Tuesday, August 19, 2008

There has been knitting activity during the Olympics; the scarf is just a $2 ball of acrylic, but it was fun to knit and a scarf is always handy. It's the One Row Scarf from the Yarn Harlot's blog, and was a great pattern to knit while I was travelling. No pattern needed, and easy as pie to do while concentrating on the current Olympic action. I completed the second sleeve of my Tilted Duster jacket, now there is just the collar to knit, but seeing I have to pick up an awful lot of stitches for that I will wait till I have the time and patience. I really hate picking up stitches, and these have to look really neat afterwards. It's tough when all the fun bits are finished and the hard bits have to be tackled.

We took a quick trip to one of our favourite patchwork stores, at a little town called Moonta. It was business, choosing fabrics for a commissioned quilt, but I bought a few FQs for my latest quilt, which is languishing untouched while I watch TV. Maybe a bit of fresh fabric will entice me back to it. The sewing basket is one I admired at an antique shop last summer, but rejected as too costly. It was half price, so I brought it home with me. The inside is ruined, but I plan to find some silk and reline it; it will be a useful learning project. If it turns out nicely I may refurbish some of my other antique baskets with dreary interiors.

I have been quilting each night, and I'm about quarter way through; I had to give it a rest tonight as my fingers are too sore. The cold makes them ache anyway, and I've stabbed them with pins on the longarm, and they need a few days to recover and toughen up. I'm loving the rythym of hand quilting again, and basting it on the longarm was a success. I have several more to do once this one is finished.
My parcel from Hancocks arrived, and it wasn't as big as expected as they had sold out of two of the backing lengths I ordered. But it was still substantial. The fabric fanned out on the left was one of their packs of ten 1 yard lengths, and there are some beautiful fabrics there. I'm so pleased with what they sent me, many of them I would love yardage of. But no more fabric buying just yet, I need to get this stashed away in the fabric drawers first.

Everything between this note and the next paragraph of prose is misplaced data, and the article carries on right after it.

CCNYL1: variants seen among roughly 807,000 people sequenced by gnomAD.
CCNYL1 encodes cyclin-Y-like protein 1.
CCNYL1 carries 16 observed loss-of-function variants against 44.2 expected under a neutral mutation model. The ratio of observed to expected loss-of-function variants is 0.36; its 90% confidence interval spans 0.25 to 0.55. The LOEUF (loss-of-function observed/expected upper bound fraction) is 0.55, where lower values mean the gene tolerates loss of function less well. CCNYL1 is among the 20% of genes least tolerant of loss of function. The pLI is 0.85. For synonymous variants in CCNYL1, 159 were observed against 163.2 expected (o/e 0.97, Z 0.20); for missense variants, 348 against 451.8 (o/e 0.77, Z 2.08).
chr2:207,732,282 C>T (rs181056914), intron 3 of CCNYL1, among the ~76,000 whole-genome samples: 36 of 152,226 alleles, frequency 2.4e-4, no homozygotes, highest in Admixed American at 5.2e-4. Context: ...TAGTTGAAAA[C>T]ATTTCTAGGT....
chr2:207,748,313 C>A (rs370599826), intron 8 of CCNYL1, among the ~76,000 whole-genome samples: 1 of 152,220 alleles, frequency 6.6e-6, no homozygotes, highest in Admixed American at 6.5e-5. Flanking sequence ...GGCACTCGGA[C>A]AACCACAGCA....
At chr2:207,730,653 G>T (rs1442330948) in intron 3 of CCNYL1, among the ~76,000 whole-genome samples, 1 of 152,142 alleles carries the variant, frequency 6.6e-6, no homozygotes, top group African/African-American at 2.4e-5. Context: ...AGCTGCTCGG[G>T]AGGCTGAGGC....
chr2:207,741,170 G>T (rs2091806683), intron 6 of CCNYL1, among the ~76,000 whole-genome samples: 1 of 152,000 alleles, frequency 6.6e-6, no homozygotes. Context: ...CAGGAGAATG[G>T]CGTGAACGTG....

There was one dud fabric......
I mean, if you were a clerk packing that order, and saw what my preferences were, you'd stick a piece of sock monkey fabric in too, wouldn't you? Luckily we know a couple of mothers with small children, and they can fight over who gets this. (If anyone wants it at all, that is.)


Friday, August 15, 2008

I'm home again, after a week in Melbourne teaching at Michelle's Sewing Basket. We had a lovely time in the workshops, and I found a few goodies in the shop that had to come home with me. I stayed at Michelle's home in an upstairs flat, with my own TV so I could watch the Olympics in bed each night. Luxury.

It was soooo cold, but I handled it quite well. I've always found that quilters tend to warm up a room fairly quickly, so once we started working in the morning we were fine. It must be our high levels of enthusiasm. Or the heat coming off our machines. Or the quilts we're working on. I am a bad blogger, because despite a new camera, and leaving it in full view each workshop, I didn't take a single photo. I am such a ditz.

I've spent the last two days catching up on work related things, and hopefully I can start off next week with a clean slate. I would like to spend the weekend rearranging my stash and getting it all sorted and organised. Mereth took advantage of my absence to shift 70% of the furniture in the workroom, sewing room and office. It all looks much better, I have to admit, but there's a bit of a muddle to deal with; lots of baskets and boxes and miscellaneous things to put away. She worked Matt so hard that I will have to bribe him to set foot in here again.

There's a customer quilt on the machine that I hope to have finished before Monday, but I can monitor our Olympic progress while keeping an eye on Millhouse, as there is now a TV in the workroom. It's wonderful to see the medal tally mounting up.


Friday, August 01, 2008

This is the BOM quilt that we are putting together for a customer. It's an Annie Downs pattern, and we're enjoying the lovely fabrics and cute stitcheries. The owner has done a lovely job of the embroidery, and it's up to us to complete her good work. It's like a jigsaw puzzle, sorting out which bit goes where, but there have only been minor hiccups so far. I have some final applique to do, and then we can have the top in one piece ready for quilting.

I put the binding on my three quilts today, so I'm caught up again. I should calculate how much material I've used in backings, bindings and the three flannel quilts, it would make me feel better about the Hancock's blowout.
I usually put my bindings on entirely by machine , but I hand-stitched the flannel quilts. It felt really good to be sewing on that luxuriously soft material, and it was a lovely way to spend the evening. I sat on the floor in front of the TV at Mereth's, and Jessie immediately snuggled up with me. Macca crawled underneath, and gave it his seal of approval by falling asleep. These dogs know how to make themselves comfortable.

Blog Widget by LinkWithin

About This Blog

Lorem Ipsum

  © Blogger templates Newspaper III by 2008

Back to TOP